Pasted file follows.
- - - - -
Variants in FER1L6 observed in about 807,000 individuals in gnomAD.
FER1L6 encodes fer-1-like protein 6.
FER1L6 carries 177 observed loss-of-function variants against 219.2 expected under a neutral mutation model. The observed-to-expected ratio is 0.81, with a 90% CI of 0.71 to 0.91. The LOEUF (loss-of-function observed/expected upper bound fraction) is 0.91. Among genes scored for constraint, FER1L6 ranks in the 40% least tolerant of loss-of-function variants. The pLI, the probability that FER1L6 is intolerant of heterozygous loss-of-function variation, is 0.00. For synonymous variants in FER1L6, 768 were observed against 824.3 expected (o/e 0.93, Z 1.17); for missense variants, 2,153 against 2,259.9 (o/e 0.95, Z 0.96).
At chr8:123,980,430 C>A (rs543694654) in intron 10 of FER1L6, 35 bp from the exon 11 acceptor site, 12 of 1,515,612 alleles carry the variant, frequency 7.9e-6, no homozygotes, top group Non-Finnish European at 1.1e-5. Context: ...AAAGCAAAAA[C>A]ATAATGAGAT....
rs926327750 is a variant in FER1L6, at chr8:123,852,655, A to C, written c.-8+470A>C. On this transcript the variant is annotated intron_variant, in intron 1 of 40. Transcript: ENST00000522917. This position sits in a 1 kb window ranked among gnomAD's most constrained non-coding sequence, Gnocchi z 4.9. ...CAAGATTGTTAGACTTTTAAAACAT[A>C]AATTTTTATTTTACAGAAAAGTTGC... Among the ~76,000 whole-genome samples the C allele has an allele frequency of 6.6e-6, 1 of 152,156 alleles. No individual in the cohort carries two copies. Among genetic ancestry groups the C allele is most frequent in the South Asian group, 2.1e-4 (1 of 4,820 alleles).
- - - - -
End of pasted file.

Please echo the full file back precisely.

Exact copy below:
Variants in FER1L6 observed in about 807,000 individuals in gnomAD.
FER1L6 encodes fer-1-like protein 6.
FER1L6 carries 177 observed loss-of-function variants against 219.2 expected under a neutral mutation model. The observed-to-expected ratio is 0.81, with a 90% CI of 0.71 to 0.91. The LOEUF (loss-of-function observed/expected upper bound fraction) is 0.91. Among genes scored for constraint, FER1L6 ranks in the 40% least tolerant of loss-of-function variants. The pLI, the probability that FER1L6 is intolerant of heterozygous loss-of-function variation, is 0.00. For synonymous variants in FER1L6, 768 were observed against 824.3 expected (o/e 0.93, Z 1.17); for missense variants, 2,153 against 2,259.9 (o/e 0.95, Z 0.96).
At chr8:123,980,430 C>A (rs543694654) in intron 10 of FER1L6, 35 bp from the exon 11 acceptor site, 12 of 1,515,612 alleles carry the variant, frequency 7.9e-6, no homozygotes, top group Non-Finnish European at 1.1e-5. Context: ...AAAGCAAAAA[C>A]ATAATGAGAT....
rs926327750 is a variant in FER1L6, at chr8:123,852,655, A to C, written c.-8+470A>C. On this transcript the variant is annotated intron_variant, in intron 1 of 40. Transcript: ENST00000522917. This position sits in a 1 kb window ranked among gnomAD's most constrained non-coding sequence, Gnocchi z 4.9. ...CAAGATTGTTAGACTTTTAAAACAT[A>C]AATTTTTATTTTACAGAAAAGTTGC... Among the ~76,000 whole-genome samples the C allele has an allele frequency of 6.6e-6, 1 of 152,156 alleles. No individual in the cohort carries two copies. Among genetic ancestry groups the C allele is most frequent in the South Asian group, 2.1e-4 (1 of 4,820 alleles).